Part 1 of the article shows that the poor, everywhere, are more likely to get sick and more likely to die when they do. In many countries, they are also more likely to starve.

Part II explains why this is a matter of human rights. The ongoing deprivation of basic rights to healthcare and an adequate standard of living are major factors. As this Part demonstrates, however, the extreme vulnerability of the poor is grounded in earlier violations of human rights, including state-sanctioned segregation in the American south in the 1950s and what one author has called “the darker side ...


Making America A Better Place For All: Sustainable Development Recommendations For The Biden Administration, John C. Dernbach, Scott E. Schang, Robert W. Adler, Karol Boudreaux, John Bouman, Claire Babineaux-Fontenot, Kimberly Brown, Mikhail Chester, Michael B. Gerrard, Stephen Herzenberg, Samuel Markolf, Corey Malone-Smolla, Jane Nelson, Uma Outka, Tony Pipa, Alexandra Phelan, Leroy Paddock, Jonathan D. Rosenbloom, William Snape, Anastasia Telesetsky, Gerald Torres, Elizabeth Ann Kronk Warner, Audra Wilson Jan 2021

Making America A Better Place For All: Sustainable Development Recommendations For The Biden Administration, John C. Dernbach, Scott E. Schang, Robert W. Adler, Karol Boudreaux, John Bouman, Claire Babineaux-Fontenot, Kimberly Brown, Mikhail Chester, Michael B. Gerrard, Stephen Herzenberg, Samuel Markolf, Corey Malone-Smolla, Jane Nelson, Uma Outka, Tony Pipa, Alexandra Phelan, Leroy Paddock, Jonathan D. Rosenbloom, William Snape, Anastasia Telesetsky, Gerald Torres, Elizabeth Ann Kronk Warner, Audra Wilson

Faculty Scholarship

In 2015, the United Nations Member States, including the United States, unanimously approved 17 Sustainable Development Goals (SDGs) to be achieved by 2030. The SDGs are nonbinding; each nation is to implement them based on its own priorities and circumstances. This Article argues that the SDGs are a critical normative framework the United States should use to improve human quality of life, freedom, and opportunity by integrating economic and social development with environmental protection. It collects the recommendations of 22 experts on steps that the Biden-Harris Administration should take now to advance each of the SDGs. It is part of ...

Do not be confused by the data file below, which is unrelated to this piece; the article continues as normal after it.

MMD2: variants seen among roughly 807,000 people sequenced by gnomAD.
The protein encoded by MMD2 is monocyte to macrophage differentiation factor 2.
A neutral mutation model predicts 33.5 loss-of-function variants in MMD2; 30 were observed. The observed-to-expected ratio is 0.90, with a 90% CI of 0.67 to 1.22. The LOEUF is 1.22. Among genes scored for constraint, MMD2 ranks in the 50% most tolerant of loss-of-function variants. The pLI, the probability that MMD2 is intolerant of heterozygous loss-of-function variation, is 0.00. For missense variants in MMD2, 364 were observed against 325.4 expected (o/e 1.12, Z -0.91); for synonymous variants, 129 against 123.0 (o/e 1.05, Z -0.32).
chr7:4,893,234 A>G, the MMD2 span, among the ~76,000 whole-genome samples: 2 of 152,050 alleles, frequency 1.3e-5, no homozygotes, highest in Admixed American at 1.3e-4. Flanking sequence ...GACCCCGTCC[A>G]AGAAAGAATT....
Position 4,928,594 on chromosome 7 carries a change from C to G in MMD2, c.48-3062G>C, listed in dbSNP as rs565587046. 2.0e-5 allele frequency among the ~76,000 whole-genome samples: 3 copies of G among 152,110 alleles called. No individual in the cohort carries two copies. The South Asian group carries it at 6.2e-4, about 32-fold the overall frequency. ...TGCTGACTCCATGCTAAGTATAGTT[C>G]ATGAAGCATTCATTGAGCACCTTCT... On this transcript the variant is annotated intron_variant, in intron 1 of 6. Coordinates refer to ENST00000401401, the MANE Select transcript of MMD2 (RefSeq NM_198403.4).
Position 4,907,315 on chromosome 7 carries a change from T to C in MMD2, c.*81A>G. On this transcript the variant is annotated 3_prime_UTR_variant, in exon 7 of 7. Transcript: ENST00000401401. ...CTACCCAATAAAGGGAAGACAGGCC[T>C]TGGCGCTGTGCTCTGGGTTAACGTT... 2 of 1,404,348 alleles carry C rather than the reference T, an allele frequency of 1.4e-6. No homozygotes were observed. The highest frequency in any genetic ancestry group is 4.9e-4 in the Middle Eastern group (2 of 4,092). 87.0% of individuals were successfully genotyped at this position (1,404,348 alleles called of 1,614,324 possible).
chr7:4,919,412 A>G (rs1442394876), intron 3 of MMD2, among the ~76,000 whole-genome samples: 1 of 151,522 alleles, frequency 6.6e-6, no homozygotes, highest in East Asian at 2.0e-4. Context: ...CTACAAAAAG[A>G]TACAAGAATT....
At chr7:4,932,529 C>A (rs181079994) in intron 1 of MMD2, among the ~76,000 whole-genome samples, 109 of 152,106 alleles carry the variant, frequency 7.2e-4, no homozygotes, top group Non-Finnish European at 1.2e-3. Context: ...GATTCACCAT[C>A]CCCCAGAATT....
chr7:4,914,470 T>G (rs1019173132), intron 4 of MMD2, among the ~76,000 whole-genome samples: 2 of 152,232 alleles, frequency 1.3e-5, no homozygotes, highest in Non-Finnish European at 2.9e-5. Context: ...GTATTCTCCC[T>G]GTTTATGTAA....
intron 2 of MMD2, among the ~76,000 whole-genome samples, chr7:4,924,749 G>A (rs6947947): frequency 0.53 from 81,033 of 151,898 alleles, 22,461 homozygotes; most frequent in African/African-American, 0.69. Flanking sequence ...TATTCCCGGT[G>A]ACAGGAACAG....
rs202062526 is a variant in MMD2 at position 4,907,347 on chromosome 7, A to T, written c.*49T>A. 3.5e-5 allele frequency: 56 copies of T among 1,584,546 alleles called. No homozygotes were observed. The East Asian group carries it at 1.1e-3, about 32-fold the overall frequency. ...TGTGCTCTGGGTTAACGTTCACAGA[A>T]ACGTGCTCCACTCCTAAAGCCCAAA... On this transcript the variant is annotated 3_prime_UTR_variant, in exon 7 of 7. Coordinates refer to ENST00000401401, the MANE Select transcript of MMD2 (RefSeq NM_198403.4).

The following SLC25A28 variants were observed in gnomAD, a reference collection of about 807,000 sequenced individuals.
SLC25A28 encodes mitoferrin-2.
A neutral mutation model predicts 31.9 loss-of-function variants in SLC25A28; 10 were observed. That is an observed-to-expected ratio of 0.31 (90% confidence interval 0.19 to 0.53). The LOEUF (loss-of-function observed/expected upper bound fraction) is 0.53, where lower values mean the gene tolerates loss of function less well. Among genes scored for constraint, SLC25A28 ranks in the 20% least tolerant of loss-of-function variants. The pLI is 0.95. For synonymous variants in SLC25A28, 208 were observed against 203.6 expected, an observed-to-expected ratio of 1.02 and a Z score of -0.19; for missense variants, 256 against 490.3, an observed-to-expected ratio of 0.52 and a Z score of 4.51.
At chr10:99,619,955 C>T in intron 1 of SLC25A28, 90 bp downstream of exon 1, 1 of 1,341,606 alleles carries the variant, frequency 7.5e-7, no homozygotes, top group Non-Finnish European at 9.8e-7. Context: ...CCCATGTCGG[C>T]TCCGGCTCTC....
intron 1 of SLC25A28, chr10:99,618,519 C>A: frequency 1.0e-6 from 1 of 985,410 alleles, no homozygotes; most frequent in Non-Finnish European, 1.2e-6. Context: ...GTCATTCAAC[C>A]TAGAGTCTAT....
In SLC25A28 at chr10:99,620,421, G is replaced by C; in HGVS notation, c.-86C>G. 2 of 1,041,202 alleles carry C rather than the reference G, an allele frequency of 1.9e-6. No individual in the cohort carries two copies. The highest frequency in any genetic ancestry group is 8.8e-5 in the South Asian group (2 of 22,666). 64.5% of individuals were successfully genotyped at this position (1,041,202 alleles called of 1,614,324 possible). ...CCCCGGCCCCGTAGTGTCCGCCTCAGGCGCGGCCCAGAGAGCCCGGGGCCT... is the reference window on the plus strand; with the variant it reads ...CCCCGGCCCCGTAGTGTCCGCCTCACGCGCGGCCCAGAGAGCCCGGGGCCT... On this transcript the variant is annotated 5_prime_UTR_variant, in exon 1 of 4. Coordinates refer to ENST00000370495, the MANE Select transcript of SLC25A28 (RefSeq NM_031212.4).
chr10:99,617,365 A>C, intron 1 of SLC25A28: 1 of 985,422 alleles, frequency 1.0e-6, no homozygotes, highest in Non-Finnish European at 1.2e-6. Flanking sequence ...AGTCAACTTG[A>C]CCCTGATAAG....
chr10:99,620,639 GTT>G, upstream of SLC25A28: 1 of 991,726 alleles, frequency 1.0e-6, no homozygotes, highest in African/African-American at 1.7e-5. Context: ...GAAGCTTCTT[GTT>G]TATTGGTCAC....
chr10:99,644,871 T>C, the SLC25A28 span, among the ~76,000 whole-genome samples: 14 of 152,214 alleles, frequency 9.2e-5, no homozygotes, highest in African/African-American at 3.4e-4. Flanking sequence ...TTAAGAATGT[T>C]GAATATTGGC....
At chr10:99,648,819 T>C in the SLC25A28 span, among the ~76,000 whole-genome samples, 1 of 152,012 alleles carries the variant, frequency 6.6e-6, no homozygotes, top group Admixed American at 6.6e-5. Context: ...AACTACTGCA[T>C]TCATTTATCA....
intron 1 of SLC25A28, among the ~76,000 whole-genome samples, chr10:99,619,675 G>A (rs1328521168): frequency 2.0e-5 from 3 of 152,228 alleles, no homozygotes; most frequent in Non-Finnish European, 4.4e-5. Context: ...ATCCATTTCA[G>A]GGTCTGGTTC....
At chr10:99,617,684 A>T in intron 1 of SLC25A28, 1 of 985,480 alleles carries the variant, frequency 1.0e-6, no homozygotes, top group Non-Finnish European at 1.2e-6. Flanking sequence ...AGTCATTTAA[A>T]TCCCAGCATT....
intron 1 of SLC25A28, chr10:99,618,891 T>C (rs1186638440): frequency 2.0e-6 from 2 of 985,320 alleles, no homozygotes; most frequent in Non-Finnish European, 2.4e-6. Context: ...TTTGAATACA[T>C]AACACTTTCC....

Restoration: The Role Stakeholder Governance Must Play In Recreating A Fair And Sustainable American Economy A Reply To Professor Rock, Leo E. Strine Jr. Dec 2020

Restoration: The Role Stakeholder Governance Must Play In Recreating A Fair And Sustainable American Economy A Reply To Professor Rock, Leo E. Strine Jr.

Faculty Scholarship at Penn Law

In his excellent article, For Whom is the Corporation Managed in 2020?: The Debate Over Corporate Purpose, Professor Edward Rock articulates his understanding of the debate over corporate purpose. This reply supports Professor Rock’s depiction of the current state of corporate law in the United States. It also accepts Professor Rock’s contention that finance and law and economics professors tend to equate the value of corporations to society solely with the value of their equity. But, I employ a less academic lens on the current debate about corporate purpose, and am more optimistic about proposals to change our ...


A Letter To The United States Government On Wealth And Income Inequality, Matthieu Maier Nov 2020

A Letter To The United States Government On Wealth And Income Inequality, Matthieu Maier

English Department: Research for Change - Wicked Problems in Our World